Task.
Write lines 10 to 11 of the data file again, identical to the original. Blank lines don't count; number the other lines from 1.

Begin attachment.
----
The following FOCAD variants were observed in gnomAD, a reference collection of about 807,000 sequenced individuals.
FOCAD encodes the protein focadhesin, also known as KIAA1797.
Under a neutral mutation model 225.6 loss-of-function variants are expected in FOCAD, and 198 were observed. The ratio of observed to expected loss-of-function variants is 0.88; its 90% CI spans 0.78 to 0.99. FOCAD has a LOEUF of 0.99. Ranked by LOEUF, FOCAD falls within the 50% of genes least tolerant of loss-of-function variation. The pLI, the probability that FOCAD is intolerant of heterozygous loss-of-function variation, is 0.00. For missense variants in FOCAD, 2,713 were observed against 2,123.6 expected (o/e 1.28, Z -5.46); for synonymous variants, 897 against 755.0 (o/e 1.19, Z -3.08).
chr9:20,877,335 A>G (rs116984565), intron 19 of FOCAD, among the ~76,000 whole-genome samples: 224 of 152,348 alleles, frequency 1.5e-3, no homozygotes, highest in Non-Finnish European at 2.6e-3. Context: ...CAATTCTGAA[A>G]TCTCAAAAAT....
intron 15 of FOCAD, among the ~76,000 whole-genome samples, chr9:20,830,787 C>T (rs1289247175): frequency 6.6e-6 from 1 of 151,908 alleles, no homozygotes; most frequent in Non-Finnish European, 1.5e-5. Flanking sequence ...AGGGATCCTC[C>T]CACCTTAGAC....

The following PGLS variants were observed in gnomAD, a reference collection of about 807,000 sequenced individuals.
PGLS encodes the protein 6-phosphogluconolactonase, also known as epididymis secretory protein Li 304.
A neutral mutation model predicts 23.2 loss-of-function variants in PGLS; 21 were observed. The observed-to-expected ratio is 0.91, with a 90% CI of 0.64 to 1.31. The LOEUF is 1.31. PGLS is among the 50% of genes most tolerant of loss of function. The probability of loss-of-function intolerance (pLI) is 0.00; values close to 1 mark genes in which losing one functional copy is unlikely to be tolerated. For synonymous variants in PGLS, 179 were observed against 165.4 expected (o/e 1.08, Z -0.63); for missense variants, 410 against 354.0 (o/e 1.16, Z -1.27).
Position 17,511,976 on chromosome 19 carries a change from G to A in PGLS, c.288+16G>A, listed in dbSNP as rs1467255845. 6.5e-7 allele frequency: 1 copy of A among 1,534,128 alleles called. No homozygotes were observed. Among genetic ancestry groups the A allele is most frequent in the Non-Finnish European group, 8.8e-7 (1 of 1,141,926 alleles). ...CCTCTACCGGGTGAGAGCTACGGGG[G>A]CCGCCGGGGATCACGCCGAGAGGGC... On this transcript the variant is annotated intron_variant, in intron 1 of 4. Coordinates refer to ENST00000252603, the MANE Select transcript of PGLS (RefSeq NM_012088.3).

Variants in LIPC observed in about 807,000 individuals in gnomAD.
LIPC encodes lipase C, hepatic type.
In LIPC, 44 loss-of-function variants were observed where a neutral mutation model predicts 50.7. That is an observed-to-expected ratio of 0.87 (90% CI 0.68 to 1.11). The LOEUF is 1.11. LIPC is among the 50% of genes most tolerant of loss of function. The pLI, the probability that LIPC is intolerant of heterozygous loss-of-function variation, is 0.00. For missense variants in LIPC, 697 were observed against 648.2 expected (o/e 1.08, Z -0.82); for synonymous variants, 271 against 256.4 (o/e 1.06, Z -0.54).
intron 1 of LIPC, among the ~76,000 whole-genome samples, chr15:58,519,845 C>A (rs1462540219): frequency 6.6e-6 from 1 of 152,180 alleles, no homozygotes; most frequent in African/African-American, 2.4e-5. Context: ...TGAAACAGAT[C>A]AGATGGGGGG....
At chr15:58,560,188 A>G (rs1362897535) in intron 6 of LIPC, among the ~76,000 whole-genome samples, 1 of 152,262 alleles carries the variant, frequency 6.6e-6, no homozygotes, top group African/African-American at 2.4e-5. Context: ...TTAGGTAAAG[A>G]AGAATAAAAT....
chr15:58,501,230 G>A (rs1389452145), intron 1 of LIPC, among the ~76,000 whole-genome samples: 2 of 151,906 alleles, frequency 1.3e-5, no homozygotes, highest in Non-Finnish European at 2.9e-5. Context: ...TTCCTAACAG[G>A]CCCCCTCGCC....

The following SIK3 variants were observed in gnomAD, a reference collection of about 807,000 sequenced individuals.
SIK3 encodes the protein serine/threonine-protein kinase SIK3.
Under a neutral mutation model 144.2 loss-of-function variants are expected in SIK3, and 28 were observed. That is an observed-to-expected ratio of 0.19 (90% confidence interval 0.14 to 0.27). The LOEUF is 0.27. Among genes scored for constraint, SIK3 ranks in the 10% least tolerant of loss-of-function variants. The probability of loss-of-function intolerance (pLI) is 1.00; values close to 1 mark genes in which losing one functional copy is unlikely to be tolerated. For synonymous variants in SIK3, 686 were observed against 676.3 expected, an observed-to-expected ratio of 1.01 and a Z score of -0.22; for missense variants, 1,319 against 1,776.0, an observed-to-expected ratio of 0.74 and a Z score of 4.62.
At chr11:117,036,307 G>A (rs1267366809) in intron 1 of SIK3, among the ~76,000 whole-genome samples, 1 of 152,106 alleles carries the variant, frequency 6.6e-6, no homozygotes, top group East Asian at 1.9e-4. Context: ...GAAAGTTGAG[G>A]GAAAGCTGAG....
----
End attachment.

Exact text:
Variants in LIPC observed in about 807,000 individuals in gnomAD.
LIPC encodes lipase C, hepatic type.